No one, except perhaps Donald Trump, likes to fire people. Typically it is a stressful, scary and upsetting experience for everyone involved. So is it possible that there is actually an “art” to firing an employee? In a word, yes.
There are not enough fingers and toes in my entire household to count the number of people I have had to fire over the years. It has never been easy, and I fret before each and every one. But as unpleasant as terminations are, I have learned a few things along the way that have made the process less difficult for everyone involved. Here is my best advice:
Plan the Termination Well
It is always important to be confident that terminating the employee is absolutely the right thing to do. I always seek the advice of others before proceeding and take the time to make sure I have the facts right. I make certain I have sufficient documentation to support what I am about to do, and that there are no other alternatives to firing the employee.
Once I decide to proceed, I carefully plan out the best time and place to conduct the termination in order to minimize humiliation for the employee and disruption for others in the workplace. And, importantly, I plan to have someone join me in the termination discussion—this provides another set of ears and eyes and can add to the safety of the discussion.
Be Committed to your Progressive Discipline Process
The key benefit to having a progressive discipline process—where all infractions and issues are logged and reviewed in disciplinary meetings with the employee—is to help employees know at all times exactly where they stand in terms of discipline. If done correctly, by the time you have to terminate someone he or she should have received multiple warnings and the termination should not come as a surprise. No one likes surprises like this, and a progressive discipline process ensures that employees know that the path they are walking is likely to lead out the door if their behavior does not change for the better.
Be Compassionate and Be Honest
No matter how much it is deserved, losing a job is a profoundly unsettling experience for anyone. Knowing that and treating the employee with dignity, respect and understanding—even if you are not feeling charitable about it at the moment—is highly critical. Also important is being completely honest about why you are terminating the employee. Resist the temptation to say it is a downsizing when the real reason is the employee’s own behavior. This will help the employee to process what is happening to them, and it will help keep the company out of trouble if the termination is ever legally contested. In the end, it comes down to the basics. Follow the Golden Rule. Be nice and tell the truth.
Help Them Look To the Future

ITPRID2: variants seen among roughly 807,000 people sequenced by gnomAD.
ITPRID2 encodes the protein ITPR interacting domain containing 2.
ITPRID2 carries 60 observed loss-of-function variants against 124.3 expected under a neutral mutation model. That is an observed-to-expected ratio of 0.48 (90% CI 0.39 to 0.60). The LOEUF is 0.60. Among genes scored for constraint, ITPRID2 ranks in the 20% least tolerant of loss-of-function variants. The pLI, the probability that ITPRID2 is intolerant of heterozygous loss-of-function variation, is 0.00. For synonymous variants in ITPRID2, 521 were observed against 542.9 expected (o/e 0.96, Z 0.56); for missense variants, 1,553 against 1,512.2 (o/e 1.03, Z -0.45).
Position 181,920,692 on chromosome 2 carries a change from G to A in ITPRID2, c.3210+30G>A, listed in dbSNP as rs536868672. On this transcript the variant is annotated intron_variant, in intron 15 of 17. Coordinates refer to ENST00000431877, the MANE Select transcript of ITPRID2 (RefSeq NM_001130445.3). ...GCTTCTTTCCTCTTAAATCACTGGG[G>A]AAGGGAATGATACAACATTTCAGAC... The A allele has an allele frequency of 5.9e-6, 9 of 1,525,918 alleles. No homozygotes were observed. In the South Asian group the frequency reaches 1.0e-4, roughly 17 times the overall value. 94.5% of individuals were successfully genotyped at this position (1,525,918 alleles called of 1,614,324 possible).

Once they are let go, employees who respond with anger and indignation are often likely to suffer depression, to have a difficult time finding a new job and to take legal action. The more assistance you can provide—a severance package, not contesting unemployment insurance, providing a positive reference—the more likely they will be to focus their energies on their future rather than on retaliating against you.
Remember Your Other Employees
Sometimes we focus so much on the needs of the terminated employee that we overlook the needs of others who are remaining at their posts and doing their work. Sometimes the termination is a shock and can leave other employees upset, confused and in a state of mourning. In such cases, do and say what you can (without harming yourself, the terminated employee or the company) in order to reassure your employees that your actions were just, necessary and appropriate, and that you understand their feelings. But don’t go into details—everyone will want to know why, how, when and what happened. Don’t over-share. What they need to know is that you care about them and are a fair employer.
Employees who are fired can become emotionally and financially stressed to the point that they will sue you even if there is no basis for their lawsuit. Even if you’ve done everything correctly, you could still find yourself in a court of law. And if you do, as in every HR challenge, the best defense is a really well prepared defense. By documenting all of the conversations and actions that lead to the termination and having a clear record of the termination itself (including a statement by the person who participated in the termination discussion with you), you will be better able to press your case and successfully defend your employment action.
Firing people is never easy. That’s why one of my proudest professional moments occurred when someone I had terminated called me six months later to thank me for the way I conducted the termination and for helping him move out and move on. I’ve never forgotten that experience and it is why I strongly believe that firing someone is an art—and a very important one to learn.
Claudia St. John, SPHR, is the President of Affinity HR Group